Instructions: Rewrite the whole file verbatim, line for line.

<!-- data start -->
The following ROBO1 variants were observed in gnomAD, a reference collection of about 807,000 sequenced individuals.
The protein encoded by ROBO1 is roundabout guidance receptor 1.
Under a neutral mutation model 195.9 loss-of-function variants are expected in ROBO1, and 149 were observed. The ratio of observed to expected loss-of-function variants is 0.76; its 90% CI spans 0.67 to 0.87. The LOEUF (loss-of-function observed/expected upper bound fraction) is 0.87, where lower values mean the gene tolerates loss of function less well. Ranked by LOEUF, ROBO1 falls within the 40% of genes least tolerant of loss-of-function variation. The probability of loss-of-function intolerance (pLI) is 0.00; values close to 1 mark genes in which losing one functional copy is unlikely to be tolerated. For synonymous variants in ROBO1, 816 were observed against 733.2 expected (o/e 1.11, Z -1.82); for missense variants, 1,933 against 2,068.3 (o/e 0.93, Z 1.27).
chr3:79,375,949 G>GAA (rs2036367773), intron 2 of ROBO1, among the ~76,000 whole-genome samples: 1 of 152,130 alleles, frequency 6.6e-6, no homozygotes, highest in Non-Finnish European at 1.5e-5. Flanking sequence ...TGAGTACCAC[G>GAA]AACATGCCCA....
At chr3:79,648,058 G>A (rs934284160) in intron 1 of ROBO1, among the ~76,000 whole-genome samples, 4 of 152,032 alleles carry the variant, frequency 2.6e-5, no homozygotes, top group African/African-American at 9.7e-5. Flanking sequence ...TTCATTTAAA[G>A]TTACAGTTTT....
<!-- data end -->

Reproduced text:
The following ROBO1 variants were observed in gnomAD, a reference collection of about 807,000 sequenced individuals.
The protein encoded by ROBO1 is roundabout guidance receptor 1.
Under a neutral mutation model 195.9 loss-of-function variants are expected in ROBO1, and 149 were observed. The ratio of observed to expected loss-of-function variants is 0.76; its 90% CI spans 0.67 to 0.87. The LOEUF (loss-of-function observed/expected upper bound fraction) is 0.87, where lower values mean the gene tolerates loss of function less well. Ranked by LOEUF, ROBO1 falls within the 40% of genes least tolerant of loss-of-function variation. The probability of loss-of-function intolerance (pLI) is 0.00; values close to 1 mark genes in which losing one functional copy is unlikely to be tolerated. For synonymous variants in ROBO1, 816 were observed against 733.2 expected (o/e 1.11, Z -1.82); for missense variants, 1,933 against 2,068.3 (o/e 0.93, Z 1.27).
chr3:79,375,949 G>GAA (rs2036367773), intron 2 of ROBO1, among the ~76,000 whole-genome samples: 1 of 152,130 alleles, frequency 6.6e-6, no homozygotes, highest in Non-Finnish European at 1.5e-5. Flanking sequence ...TGAGTACCAC[G>GAA]AACATGCCCA....
At chr3:79,648,058 G>A (rs934284160) in intron 1 of ROBO1, among the ~76,000 whole-genome samples, 4 of 152,032 alleles carry the variant, frequency 2.6e-5, no homozygotes, top group African/African-American at 9.7e-5. Flanking sequence ...TTCATTTAAA[G>A]TTACAGTTTT....